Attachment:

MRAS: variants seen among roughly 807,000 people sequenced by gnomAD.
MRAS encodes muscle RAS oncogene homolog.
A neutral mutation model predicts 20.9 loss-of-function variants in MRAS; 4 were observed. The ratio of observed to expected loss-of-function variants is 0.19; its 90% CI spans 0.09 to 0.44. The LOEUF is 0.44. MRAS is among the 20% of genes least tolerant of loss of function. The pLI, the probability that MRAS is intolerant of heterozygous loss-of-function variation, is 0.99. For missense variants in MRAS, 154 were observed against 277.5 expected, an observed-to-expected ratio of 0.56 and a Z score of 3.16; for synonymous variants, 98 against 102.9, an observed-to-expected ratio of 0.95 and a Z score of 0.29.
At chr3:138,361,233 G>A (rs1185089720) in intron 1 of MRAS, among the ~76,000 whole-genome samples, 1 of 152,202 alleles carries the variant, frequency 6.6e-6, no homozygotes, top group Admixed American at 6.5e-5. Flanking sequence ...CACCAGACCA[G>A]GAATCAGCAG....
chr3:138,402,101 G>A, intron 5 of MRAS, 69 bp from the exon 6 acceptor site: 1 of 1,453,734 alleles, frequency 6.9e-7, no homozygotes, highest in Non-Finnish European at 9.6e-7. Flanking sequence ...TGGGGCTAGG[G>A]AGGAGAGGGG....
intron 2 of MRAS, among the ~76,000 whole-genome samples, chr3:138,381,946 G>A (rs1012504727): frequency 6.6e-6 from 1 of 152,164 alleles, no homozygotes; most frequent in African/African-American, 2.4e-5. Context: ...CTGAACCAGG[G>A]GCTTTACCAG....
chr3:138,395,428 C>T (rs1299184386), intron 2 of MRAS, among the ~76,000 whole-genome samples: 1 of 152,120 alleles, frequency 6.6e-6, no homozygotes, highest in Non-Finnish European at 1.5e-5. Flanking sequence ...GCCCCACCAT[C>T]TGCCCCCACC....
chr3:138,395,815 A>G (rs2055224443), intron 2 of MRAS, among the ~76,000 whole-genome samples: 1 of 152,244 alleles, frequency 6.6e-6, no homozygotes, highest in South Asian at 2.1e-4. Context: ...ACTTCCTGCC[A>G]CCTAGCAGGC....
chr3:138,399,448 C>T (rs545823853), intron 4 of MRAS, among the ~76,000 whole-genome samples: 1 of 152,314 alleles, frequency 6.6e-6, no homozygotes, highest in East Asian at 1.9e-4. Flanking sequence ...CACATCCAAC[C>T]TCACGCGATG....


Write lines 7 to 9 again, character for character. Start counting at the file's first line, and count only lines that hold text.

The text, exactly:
chr3:138,395,428 C>T (rs1299184386), intron 2 of MRAS, among the ~76,000 whole-genome samples: 1 of 152,120 alleles, frequency 6.6e-6, no homozygotes, highest in Non-Finnish European at 1.5e-5. Flanking sequence ...GCCCCACCAT[C>T]TGCCCCCACC....
chr3:138,395,815 A>G (rs2055224443), intron 2 of MRAS, among the ~76,000 whole-genome samples: 1 of 152,244 alleles, frequency 6.6e-6, no homozygotes, highest in South Asian at 2.1e-4. Context: ...ACTTCCTGCC[A>G]CCTAGCAGGC....
chr3:138,399,448 C>T (rs545823853), intron 4 of MRAS, among the ~76,000 whole-genome samples: 1 of 152,314 alleles, frequency 6.6e-6, no homozygotes, highest in East Asian at 1.9e-4. Flanking sequence ...CACATCCAAC[C>T]TCACGCGATG....